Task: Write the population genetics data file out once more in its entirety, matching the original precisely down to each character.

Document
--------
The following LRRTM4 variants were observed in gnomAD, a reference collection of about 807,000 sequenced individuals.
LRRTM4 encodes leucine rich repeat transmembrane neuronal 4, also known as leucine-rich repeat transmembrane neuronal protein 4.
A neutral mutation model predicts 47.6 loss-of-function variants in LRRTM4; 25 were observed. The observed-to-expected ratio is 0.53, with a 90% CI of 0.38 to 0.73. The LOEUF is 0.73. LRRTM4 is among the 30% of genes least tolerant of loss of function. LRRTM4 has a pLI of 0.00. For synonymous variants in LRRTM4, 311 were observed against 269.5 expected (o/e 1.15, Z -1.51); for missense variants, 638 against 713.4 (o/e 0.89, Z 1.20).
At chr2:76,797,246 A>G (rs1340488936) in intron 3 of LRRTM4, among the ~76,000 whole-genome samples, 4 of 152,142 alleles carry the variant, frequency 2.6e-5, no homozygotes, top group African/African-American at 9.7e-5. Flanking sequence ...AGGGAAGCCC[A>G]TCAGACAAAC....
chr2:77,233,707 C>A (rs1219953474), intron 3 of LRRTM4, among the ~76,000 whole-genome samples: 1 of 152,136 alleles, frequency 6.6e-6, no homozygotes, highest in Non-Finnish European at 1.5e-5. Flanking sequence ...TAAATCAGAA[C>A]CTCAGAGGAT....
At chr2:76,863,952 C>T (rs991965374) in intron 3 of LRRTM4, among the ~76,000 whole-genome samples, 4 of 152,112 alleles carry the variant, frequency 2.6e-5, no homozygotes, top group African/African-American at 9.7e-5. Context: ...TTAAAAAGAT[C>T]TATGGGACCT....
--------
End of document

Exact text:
The following LRRTM4 variants were observed in gnomAD, a reference collection of about 807,000 sequenced individuals.
LRRTM4 encodes leucine rich repeat transmembrane neuronal 4, also known as leucine-rich repeat transmembrane neuronal protein 4.
A neutral mutation model predicts 47.6 loss-of-function variants in LRRTM4; 25 were observed. The observed-to-expected ratio is 0.53, with a 90% CI of 0.38 to 0.73. The LOEUF is 0.73. LRRTM4 is among the 30% of genes least tolerant of loss of function. LRRTM4 has a pLI of 0.00. For synonymous variants in LRRTM4, 311 were observed against 269.5 expected (o/e 1.15, Z -1.51); for missense variants, 638 against 713.4 (o/e 0.89, Z 1.20).
At chr2:76,797,246 A>G (rs1340488936) in intron 3 of LRRTM4, among the ~76,000 whole-genome samples, 4 of 152,142 alleles carry the variant, frequency 2.6e-5, no homozygotes, top group African/African-American at 9.7e-5. Flanking sequence ...AGGGAAGCCC[A>G]TCAGACAAAC....
chr2:77,233,707 C>A (rs1219953474), intron 3 of LRRTM4, among the ~76,000 whole-genome samples: 1 of 152,136 alleles, frequency 6.6e-6, no homozygotes, highest in Non-Finnish European at 1.5e-5. Flanking sequence ...TAAATCAGAA[C>A]CTCAGAGGAT....
At chr2:76,863,952 C>T (rs991965374) in intron 3 of LRRTM4, among the ~76,000 whole-genome samples, 4 of 152,112 alleles carry the variant, frequency 2.6e-5, no homozygotes, top group African/African-American at 9.7e-5. Context: ...TTAAAAAGAT[C>T]TATGGGACCT....